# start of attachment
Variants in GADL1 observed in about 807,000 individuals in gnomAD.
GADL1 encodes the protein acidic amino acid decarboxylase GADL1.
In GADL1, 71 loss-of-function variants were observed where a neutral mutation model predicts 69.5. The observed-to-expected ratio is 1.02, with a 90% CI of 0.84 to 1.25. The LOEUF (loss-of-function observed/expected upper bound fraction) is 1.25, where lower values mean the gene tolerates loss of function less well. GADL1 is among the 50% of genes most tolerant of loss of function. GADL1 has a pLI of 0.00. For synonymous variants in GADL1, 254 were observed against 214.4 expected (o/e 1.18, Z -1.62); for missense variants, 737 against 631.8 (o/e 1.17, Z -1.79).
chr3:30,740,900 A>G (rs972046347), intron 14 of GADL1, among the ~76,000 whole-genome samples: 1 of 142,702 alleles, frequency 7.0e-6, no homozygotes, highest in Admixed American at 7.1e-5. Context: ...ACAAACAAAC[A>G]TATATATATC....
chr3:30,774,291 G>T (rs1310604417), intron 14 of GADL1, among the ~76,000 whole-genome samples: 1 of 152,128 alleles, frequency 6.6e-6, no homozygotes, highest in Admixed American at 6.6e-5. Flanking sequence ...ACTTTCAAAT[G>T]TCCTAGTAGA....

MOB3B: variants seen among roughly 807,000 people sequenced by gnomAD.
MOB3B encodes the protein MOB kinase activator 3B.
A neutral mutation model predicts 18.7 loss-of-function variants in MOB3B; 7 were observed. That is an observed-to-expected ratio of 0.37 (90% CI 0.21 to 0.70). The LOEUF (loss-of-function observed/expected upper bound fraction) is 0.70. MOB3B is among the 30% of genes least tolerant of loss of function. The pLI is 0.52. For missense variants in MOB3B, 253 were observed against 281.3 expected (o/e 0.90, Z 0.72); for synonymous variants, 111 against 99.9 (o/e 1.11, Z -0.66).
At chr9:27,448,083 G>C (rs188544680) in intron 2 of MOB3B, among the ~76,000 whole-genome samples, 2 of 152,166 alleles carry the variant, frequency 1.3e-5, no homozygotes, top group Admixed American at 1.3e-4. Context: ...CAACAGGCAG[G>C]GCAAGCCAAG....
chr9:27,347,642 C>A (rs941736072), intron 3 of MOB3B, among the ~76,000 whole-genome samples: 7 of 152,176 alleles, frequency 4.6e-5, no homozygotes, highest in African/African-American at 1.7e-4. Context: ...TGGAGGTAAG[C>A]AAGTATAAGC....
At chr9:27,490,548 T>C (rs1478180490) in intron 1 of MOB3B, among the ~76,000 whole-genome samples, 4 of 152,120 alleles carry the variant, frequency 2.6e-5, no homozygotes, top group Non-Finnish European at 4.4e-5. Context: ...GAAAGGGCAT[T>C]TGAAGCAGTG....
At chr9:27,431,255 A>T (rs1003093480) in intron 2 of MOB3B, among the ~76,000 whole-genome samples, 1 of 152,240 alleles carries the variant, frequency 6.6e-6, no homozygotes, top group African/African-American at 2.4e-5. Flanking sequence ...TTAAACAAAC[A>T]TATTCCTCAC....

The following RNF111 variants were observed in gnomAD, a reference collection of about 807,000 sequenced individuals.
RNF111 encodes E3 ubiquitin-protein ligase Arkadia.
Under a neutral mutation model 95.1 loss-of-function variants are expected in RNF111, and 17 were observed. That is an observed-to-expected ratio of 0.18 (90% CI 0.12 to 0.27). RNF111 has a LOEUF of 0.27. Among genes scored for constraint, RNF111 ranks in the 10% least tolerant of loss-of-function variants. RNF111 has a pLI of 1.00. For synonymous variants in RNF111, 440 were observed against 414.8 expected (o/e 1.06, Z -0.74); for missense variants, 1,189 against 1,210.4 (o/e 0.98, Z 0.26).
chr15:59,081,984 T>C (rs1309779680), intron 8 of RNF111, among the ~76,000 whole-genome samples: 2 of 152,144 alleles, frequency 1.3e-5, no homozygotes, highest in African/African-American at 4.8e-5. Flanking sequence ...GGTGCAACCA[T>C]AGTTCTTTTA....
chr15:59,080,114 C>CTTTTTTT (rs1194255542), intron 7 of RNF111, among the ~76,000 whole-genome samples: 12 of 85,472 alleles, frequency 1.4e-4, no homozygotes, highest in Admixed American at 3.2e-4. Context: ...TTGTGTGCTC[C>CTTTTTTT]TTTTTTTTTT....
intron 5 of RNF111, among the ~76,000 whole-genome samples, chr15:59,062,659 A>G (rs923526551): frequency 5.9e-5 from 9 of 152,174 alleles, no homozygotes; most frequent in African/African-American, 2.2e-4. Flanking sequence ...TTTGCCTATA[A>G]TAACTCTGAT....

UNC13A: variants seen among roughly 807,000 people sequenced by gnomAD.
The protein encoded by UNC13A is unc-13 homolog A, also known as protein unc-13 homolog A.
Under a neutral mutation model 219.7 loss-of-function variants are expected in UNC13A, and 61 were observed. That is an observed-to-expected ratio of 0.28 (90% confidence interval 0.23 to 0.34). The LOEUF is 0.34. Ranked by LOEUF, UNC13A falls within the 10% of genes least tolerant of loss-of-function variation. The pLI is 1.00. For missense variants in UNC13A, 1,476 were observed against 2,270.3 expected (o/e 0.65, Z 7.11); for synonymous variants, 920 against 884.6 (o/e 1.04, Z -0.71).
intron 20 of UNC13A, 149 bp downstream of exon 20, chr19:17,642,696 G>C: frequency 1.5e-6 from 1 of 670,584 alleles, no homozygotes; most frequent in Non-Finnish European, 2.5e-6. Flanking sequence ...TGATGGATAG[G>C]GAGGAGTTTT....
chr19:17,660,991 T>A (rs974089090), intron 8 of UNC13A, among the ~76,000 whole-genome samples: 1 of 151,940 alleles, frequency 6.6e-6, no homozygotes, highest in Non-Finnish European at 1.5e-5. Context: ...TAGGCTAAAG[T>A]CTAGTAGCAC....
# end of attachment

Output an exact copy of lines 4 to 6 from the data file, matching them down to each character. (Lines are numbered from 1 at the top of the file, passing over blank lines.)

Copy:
chr3:30,740,900 A>G (rs972046347), intron 14 of GADL1, among the ~76,000 whole-genome samples: 1 of 142,702 alleles, frequency 7.0e-6, no homozygotes, highest in Admixed American at 7.1e-5. Context: ...ACAAACAAAC[A>G]TATATATATC....
chr3:30,774,291 G>T (rs1310604417), intron 14 of GADL1, among the ~76,000 whole-genome samples: 1 of 152,128 alleles, frequency 6.6e-6, no homozygotes, highest in Admixed American at 6.6e-5. Flanking sequence ...ACTTTCAAAT[G>T]TCCTAGTAGA....

MOB3B: variants seen among roughly 807,000 people sequenced by gnomAD.